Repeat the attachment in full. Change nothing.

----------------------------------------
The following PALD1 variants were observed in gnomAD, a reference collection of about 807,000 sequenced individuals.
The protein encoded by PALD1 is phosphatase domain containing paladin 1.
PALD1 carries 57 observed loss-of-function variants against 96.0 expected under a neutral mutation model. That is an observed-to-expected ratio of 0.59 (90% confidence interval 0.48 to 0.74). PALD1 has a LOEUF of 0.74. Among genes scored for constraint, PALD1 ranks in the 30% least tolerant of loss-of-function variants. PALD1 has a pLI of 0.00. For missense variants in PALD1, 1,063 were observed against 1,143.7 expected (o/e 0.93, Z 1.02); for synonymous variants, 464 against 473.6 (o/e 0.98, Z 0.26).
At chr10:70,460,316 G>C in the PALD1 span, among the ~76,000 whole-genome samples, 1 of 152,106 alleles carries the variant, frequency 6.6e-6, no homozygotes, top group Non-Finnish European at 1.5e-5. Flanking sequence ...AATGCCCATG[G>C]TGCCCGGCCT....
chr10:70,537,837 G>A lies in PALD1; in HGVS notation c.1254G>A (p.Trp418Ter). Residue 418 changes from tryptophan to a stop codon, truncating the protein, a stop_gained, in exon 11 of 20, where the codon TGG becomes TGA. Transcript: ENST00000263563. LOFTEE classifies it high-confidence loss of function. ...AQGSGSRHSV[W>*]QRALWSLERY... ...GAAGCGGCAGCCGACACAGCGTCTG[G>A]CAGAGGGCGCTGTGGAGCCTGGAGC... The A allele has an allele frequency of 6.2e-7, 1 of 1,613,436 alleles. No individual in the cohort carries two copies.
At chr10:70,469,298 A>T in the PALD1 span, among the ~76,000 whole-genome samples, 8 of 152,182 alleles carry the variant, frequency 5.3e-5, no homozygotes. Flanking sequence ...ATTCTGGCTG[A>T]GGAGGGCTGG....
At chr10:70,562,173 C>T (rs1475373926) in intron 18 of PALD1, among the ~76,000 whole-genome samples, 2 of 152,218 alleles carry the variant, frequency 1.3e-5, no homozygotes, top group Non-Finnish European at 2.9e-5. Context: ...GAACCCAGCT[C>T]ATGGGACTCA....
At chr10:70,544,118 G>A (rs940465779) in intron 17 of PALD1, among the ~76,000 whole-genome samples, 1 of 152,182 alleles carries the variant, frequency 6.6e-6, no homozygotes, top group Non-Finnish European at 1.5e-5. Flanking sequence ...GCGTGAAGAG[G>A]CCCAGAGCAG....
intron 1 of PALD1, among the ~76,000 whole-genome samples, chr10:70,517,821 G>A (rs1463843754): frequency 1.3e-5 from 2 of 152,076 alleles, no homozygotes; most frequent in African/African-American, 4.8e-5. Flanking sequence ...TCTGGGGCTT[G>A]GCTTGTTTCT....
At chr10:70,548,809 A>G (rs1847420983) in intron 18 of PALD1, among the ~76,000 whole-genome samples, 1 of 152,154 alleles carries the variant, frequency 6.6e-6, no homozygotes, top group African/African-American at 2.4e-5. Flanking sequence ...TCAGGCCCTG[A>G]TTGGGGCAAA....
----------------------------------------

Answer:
The following PALD1 variants were observed in gnomAD, a reference collection of about 807,000 sequenced individuals.
The protein encoded by PALD1 is phosphatase domain containing paladin 1.
PALD1 carries 57 observed loss-of-function variants against 96.0 expected under a neutral mutation model. That is an observed-to-expected ratio of 0.59 (90% confidence interval 0.48 to 0.74). PALD1 has a LOEUF of 0.74. Among genes scored for constraint, PALD1 ranks in the 30% least tolerant of loss-of-function variants. PALD1 has a pLI of 0.00. For missense variants in PALD1, 1,063 were observed against 1,143.7 expected (o/e 0.93, Z 1.02); for synonymous variants, 464 against 473.6 (o/e 0.98, Z 0.26).
At chr10:70,460,316 G>C in the PALD1 span, among the ~76,000 whole-genome samples, 1 of 152,106 alleles carries the variant, frequency 6.6e-6, no homozygotes, top group Non-Finnish European at 1.5e-5. Flanking sequence ...AATGCCCATG[G>C]TGCCCGGCCT....
chr10:70,537,837 G>A lies in PALD1; in HGVS notation c.1254G>A (p.Trp418Ter). Residue 418 changes from tryptophan to a stop codon, truncating the protein, a stop_gained, in exon 11 of 20, where the codon TGG becomes TGA. Transcript: ENST00000263563. LOFTEE classifies it high-confidence loss of function. ...AQGSGSRHSV[W>*]QRALWSLERY... ...GAAGCGGCAGCCGACACAGCGTCTG[G>A]CAGAGGGCGCTGTGGAGCCTGGAGC... The A allele has an allele frequency of 6.2e-7, 1 of 1,613,436 alleles. No individual in the cohort carries two copies.
At chr10:70,469,298 A>T in the PALD1 span, among the ~76,000 whole-genome samples, 8 of 152,182 alleles carry the variant, frequency 5.3e-5, no homozygotes. Flanking sequence ...ATTCTGGCTG[A>T]GGAGGGCTGG....
At chr10:70,562,173 C>T (rs1475373926) in intron 18 of PALD1, among the ~76,000 whole-genome samples, 2 of 152,218 alleles carry the variant, frequency 1.3e-5, no homozygotes, top group Non-Finnish European at 2.9e-5. Context: ...GAACCCAGCT[C>T]ATGGGACTCA....
At chr10:70,544,118 G>A (rs940465779) in intron 17 of PALD1, among the ~76,000 whole-genome samples, 1 of 152,182 alleles carries the variant, frequency 6.6e-6, no homozygotes, top group Non-Finnish European at 1.5e-5. Flanking sequence ...GCGTGAAGAG[G>A]CCCAGAGCAG....
intron 1 of PALD1, among the ~76,000 whole-genome samples, chr10:70,517,821 G>A (rs1463843754): frequency 1.3e-5 from 2 of 152,076 alleles, no homozygotes; most frequent in African/African-American, 4.8e-5. Flanking sequence ...TCTGGGGCTT[G>A]GCTTGTTTCT....
At chr10:70,548,809 A>G (rs1847420983) in intron 18 of PALD1, among the ~76,000 whole-genome samples, 1 of 152,154 alleles carries the variant, frequency 6.6e-6, no homozygotes, top group African/African-American at 2.4e-5. Flanking sequence ...TCAGGCCCTG[A>G]TTGGGGCAAA....